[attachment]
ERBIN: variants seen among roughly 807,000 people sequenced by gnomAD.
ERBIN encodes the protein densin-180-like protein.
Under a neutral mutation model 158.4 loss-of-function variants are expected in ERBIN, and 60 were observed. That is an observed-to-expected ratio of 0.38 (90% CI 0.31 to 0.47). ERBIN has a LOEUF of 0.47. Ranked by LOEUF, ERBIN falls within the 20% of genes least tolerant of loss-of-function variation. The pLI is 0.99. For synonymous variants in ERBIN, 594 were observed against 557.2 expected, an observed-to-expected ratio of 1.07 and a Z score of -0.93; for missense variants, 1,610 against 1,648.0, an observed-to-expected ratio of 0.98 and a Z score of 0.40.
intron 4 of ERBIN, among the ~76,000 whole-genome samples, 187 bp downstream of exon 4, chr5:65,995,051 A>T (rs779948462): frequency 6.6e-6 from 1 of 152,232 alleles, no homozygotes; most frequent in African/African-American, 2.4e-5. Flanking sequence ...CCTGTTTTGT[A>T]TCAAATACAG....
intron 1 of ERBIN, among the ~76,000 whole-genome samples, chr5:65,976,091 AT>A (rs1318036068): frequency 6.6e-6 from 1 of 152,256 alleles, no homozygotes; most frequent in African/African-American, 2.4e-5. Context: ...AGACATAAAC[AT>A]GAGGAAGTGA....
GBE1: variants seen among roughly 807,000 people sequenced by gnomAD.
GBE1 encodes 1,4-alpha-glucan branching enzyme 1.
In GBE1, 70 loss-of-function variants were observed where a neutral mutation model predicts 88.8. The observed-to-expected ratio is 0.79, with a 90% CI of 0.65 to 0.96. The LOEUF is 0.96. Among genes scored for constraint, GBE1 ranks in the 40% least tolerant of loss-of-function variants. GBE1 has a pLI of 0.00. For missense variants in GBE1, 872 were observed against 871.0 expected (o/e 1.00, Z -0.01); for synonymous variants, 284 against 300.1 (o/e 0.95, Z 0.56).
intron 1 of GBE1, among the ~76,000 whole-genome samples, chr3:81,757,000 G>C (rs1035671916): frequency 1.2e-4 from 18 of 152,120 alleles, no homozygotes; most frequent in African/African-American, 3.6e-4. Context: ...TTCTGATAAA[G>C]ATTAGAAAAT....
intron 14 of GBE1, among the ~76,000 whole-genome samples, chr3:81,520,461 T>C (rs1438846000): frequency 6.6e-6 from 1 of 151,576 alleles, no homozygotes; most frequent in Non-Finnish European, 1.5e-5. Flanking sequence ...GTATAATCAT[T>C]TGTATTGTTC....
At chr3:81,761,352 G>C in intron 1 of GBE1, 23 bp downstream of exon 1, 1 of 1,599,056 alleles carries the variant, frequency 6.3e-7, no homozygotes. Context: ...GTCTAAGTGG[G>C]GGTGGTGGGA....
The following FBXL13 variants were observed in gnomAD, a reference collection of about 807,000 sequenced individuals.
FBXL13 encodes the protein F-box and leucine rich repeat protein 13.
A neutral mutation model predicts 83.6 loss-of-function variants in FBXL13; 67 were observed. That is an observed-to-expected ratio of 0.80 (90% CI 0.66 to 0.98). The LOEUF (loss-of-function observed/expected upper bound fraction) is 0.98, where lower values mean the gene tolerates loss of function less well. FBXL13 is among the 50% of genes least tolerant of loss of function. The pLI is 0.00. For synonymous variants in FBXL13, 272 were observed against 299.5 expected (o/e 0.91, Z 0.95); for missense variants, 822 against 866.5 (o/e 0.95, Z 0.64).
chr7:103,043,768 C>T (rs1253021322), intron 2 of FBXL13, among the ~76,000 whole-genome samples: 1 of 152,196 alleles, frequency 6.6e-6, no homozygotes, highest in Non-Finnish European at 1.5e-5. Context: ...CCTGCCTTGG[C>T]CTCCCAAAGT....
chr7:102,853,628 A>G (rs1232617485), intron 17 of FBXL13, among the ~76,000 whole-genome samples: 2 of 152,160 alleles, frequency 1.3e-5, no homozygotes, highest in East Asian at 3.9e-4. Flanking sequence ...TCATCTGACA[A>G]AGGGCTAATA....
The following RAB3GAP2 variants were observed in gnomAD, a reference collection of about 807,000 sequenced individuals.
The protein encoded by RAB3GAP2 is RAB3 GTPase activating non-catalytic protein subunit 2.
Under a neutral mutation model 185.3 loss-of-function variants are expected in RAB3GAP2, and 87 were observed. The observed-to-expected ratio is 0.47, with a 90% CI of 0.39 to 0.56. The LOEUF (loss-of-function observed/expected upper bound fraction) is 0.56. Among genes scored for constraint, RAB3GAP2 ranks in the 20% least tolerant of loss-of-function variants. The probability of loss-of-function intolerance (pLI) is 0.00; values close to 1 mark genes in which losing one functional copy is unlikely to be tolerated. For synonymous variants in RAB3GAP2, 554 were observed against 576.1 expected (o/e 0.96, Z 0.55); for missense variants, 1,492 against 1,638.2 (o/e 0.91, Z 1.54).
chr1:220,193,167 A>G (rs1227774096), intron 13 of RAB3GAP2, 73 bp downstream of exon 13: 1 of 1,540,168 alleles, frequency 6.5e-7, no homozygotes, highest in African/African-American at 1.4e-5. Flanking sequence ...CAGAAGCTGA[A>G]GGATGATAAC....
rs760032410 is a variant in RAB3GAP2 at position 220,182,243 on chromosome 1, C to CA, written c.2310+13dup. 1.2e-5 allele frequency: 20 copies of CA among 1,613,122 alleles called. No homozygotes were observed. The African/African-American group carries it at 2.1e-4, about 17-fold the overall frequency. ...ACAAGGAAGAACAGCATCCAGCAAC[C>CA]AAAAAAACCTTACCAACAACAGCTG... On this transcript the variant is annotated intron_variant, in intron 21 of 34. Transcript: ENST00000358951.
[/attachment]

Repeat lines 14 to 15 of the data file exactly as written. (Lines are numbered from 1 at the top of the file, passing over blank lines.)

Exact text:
A neutral mutation model predicts 83.6 loss-of-function variants in FBXL13; 67 were observed. That is an observed-to-expected ratio of 0.80 (90% CI 0.66 to 0.98). The LOEUF (loss-of-function observed/expected upper bound fraction) is 0.98, where lower values mean the gene tolerates loss of function less well. FBXL13 is among the 50% of genes least tolerant of loss of function. The pLI is 0.00. For synonymous variants in FBXL13, 272 were observed against 299.5 expected (o/e 0.91, Z 0.95); for missense variants, 822 against 866.5 (o/e 0.95, Z 0.64).
chr7:103,043,768 C>T (rs1253021322), intron 2 of FBXL13, among the ~76,000 whole-genome samples: 1 of 152,196 alleles, frequency 6.6e-6, no homozygotes, highest in Non-Finnish European at 1.5e-5. Context: ...CCTGCCTTGG[C>T]CTCCCAAAGT....